all listen without judgement and do not interrupt as
others share. While sharing, students may choose a
safe word such as “pass” if they prefer not to reveal
the situation they journaled about.
The powerful layering of theme and metaphor using
visuals, high-order thinking, listening, speaking, reading,
writing, and reflection creates a lesson that guides
students to a deepened understanding of the theme.
This understanding enhances one’s ability to self-assess,
reflect, and respond to situations with integrity.
When teachers empower students by teaching socially
conscious themes through structured activities like
Snowball and the development of metaphors, they
provide an opportunity to explore, question, and
connect to the ideas of others through purposeful
dialogue. Actively participating in authentic dialogue
about what integrity is and how characters and
historical figures do or do not exhibit integrity extends
critical thinking skills, engages learners in meaningful
conversation, creates an avenue for students to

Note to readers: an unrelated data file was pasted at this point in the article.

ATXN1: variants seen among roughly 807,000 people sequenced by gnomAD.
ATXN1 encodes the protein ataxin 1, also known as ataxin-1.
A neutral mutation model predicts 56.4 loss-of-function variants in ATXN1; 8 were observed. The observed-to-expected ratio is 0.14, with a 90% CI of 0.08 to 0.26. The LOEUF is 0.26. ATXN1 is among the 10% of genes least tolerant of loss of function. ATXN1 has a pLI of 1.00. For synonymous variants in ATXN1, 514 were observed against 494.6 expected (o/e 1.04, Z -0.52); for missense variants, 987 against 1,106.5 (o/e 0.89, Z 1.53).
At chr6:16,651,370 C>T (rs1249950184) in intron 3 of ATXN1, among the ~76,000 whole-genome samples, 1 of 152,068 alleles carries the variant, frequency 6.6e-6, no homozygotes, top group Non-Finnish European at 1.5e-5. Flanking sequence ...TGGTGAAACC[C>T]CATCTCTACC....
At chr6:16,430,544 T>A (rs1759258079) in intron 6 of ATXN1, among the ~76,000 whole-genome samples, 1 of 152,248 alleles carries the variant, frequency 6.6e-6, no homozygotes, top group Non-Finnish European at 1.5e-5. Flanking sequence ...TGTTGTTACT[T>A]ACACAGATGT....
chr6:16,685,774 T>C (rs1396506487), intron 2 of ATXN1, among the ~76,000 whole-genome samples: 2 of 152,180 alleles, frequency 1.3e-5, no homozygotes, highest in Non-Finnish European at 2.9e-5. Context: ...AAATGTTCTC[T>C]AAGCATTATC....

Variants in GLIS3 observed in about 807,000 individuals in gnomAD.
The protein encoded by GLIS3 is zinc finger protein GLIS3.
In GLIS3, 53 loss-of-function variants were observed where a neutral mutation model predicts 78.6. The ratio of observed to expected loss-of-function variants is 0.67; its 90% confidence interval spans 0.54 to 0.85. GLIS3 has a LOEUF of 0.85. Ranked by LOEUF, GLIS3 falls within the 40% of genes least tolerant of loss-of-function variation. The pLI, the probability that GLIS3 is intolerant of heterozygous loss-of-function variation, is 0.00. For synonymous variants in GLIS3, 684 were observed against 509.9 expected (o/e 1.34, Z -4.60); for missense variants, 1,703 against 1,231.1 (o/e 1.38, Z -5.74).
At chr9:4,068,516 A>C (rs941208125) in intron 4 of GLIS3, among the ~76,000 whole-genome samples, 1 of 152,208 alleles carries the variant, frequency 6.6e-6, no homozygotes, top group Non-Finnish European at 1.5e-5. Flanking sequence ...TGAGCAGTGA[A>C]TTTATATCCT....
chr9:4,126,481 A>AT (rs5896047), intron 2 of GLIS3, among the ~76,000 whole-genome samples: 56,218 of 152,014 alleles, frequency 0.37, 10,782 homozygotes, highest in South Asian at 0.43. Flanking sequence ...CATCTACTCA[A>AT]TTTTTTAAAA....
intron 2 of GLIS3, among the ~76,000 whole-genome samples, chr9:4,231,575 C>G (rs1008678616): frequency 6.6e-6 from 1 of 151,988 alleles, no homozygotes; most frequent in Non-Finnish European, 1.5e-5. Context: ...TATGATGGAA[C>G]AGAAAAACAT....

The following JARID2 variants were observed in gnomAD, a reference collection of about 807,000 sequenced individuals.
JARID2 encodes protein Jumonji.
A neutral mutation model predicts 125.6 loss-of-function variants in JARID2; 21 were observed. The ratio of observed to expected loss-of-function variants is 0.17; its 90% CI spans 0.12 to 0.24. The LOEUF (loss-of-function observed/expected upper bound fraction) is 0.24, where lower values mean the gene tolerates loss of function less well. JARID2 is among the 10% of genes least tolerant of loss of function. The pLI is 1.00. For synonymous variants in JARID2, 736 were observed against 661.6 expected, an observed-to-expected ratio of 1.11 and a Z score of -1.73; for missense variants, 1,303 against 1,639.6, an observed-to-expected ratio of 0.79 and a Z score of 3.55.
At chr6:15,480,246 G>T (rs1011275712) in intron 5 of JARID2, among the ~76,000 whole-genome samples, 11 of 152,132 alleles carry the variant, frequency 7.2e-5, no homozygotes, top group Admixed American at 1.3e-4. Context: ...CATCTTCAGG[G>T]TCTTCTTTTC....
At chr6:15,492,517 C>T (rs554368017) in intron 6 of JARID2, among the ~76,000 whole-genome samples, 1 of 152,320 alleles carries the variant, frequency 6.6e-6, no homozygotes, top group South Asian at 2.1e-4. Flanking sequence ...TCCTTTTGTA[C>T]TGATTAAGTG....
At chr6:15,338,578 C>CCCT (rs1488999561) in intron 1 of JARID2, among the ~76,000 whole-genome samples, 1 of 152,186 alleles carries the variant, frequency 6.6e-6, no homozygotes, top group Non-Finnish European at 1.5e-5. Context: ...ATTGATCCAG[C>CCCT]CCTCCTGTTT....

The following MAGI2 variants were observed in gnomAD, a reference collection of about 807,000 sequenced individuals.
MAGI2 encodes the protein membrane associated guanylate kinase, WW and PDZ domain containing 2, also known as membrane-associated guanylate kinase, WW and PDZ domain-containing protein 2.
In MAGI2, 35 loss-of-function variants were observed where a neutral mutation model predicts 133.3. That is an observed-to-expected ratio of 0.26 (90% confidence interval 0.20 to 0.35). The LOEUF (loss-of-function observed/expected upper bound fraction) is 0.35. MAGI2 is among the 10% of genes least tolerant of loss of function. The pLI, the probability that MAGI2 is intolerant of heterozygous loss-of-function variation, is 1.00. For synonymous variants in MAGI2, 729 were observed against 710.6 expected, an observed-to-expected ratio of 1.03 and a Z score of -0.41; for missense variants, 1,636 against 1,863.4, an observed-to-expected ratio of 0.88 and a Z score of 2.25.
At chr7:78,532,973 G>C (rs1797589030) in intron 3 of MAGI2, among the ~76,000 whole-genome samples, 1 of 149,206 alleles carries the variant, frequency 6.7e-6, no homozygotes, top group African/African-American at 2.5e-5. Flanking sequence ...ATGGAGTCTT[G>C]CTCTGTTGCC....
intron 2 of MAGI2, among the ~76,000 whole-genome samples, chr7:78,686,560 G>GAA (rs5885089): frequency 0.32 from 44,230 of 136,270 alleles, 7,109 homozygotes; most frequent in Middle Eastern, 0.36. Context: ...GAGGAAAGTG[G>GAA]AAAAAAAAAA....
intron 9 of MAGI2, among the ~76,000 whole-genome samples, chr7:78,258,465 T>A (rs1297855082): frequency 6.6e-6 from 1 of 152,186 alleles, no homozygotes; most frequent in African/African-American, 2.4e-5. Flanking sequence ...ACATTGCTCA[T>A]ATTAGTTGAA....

reflect on their own integrity, and bolster's a young
adolescent's desire to positively impact the world.
Brookfield, S., & Preskill, S. (2016). Discussion as a way
of teaching: Tools and techniques for democratic
classrooms. San Francisco: Jossey-Bass.
Dunn, C. (January, 2009). Integrity matters.
Retrieved from https://www.researchgate.net/
Shanklin, N. (2010) Inventing your way into highquality
student discussions. Voices in the
Middle. 18(2), 63-65.
Vygotsky, L.S. (1978). Mind in society: The
development of higher psychological processes.
Massachusetts: Harvard University Press.
Werner-Burke, et al (2012). Bridging the disconnect:
A layered approach to jump-starting engagement. Voices from the Middle, 19(4), 45.
Karen L. Moroz, Ed.D. is an associate professor at
Hamline University, St. Paul, Minnesota.
Jennifer Carlson, Ph.D. is a professor at Hamline
University, St. Paul, Minnesota.
Published in AMLE Magazine
, August 2020.